When Bryn’s ballet school was sold last year, we were forced to find her a new place to take her lessons. We settled on the Academy of Ballet Pacifica, Orange County’s resident ballet company, because it was affiliated with some of the most famous dancers in the world (ever heard of Ethan Stiefel or Amanda McKerrow?) and because her teachers continued to insist that she had a natural talent that might best be cultivated at a more serious conservatory.

Of course, it’s one thing to stand out in a smallish, neighborhood ballet school and quite another to try to make your mark in an academy that draws students from all over Orange County and beyond. To our delight (and my bemusement), when we got to the Academy we discovered that Bryn really is as good as we had been told. Even in a room full of hard working ballerinas, Bryn seemed to stand out.

Thus we were not entirely surprised to learn recently that Bryn has been cast as Clara in Ballet Pacifica’s December production of the Nutcracker. This production will include several professional-level dancers and is certainly a notch above anything she has done before. Rather than appearing a couple of times before family and friends at the local community college theatre, this time Bryn will be dancing several nights throughout December at the Irvine Barkley Theatre.

Pretty heady stuff for a 12-year-old, don’t you think? (Pretty heady stuff for her parents as well, I suppose.) Alas, the consequence of this great honor is that now Bryn will be dancing more than ever, with weekend rehearsals to go along with the 10+ hours of weekly dance classes she is already taking. It’s too much, really—more than I would ever stand for were it not for her manifest passion and talent.  At the same time, I am troubled by the implications as more and more of her time and attention is devoted to ballet and less to school and family and church activities. I worry about her becoming one dimensional, about her wearing out her tiny body, about her losing touch with friends and disconnecting with the variety that should enrich the life of any 12-year-old girl.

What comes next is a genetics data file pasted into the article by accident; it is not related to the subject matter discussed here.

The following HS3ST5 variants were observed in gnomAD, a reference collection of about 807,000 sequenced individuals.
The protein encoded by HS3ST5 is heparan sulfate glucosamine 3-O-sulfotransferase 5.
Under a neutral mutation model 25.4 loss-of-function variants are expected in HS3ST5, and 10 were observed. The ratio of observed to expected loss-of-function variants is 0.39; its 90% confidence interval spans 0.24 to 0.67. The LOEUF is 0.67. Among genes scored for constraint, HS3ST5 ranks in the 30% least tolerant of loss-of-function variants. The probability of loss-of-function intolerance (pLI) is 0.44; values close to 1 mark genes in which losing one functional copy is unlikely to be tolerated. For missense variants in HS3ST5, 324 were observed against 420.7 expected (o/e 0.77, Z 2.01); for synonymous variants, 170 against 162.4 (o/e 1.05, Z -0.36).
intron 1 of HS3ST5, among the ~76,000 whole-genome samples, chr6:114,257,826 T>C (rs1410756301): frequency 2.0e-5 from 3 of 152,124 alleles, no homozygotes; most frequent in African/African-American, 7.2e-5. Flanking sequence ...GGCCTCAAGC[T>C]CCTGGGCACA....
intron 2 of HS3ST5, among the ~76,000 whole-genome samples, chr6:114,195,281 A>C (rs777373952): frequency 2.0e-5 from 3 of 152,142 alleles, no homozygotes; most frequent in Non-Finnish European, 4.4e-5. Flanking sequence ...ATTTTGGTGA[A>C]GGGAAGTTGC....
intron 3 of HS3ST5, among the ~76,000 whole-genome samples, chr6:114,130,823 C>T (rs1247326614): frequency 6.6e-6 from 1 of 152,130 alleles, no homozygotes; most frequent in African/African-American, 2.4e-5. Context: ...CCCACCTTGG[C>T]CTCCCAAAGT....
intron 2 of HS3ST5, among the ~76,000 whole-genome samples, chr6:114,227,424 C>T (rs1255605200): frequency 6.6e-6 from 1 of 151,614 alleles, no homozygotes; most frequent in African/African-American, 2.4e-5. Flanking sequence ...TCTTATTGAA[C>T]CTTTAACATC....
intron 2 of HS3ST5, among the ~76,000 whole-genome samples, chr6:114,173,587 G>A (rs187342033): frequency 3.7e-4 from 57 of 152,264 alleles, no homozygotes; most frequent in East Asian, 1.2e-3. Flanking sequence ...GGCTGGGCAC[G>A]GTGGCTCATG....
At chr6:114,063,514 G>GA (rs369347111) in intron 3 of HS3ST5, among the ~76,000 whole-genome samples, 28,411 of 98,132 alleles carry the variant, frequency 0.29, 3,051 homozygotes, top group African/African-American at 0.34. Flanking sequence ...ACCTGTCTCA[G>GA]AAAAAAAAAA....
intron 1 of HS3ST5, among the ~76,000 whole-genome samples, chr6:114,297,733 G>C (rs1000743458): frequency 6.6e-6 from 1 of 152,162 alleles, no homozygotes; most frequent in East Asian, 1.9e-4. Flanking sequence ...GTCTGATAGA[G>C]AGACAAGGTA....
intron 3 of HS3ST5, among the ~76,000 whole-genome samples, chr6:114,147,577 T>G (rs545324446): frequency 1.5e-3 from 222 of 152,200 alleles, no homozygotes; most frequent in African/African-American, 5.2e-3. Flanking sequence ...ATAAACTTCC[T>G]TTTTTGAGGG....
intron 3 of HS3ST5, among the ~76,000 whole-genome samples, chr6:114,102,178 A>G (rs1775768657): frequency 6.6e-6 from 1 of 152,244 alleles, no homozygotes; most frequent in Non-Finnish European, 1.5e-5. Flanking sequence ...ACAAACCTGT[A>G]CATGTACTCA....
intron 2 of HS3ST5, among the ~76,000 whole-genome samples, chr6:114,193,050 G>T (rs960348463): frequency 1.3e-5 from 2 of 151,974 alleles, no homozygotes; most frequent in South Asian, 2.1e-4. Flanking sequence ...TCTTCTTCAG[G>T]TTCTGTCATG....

More than anything, I pray that she recognizes that she has been given a rare gift, and that that recognition inspires in her not the conceit of a diva but rather the humility of a girl who sees in her talent a direct connection with her Heavenly Father.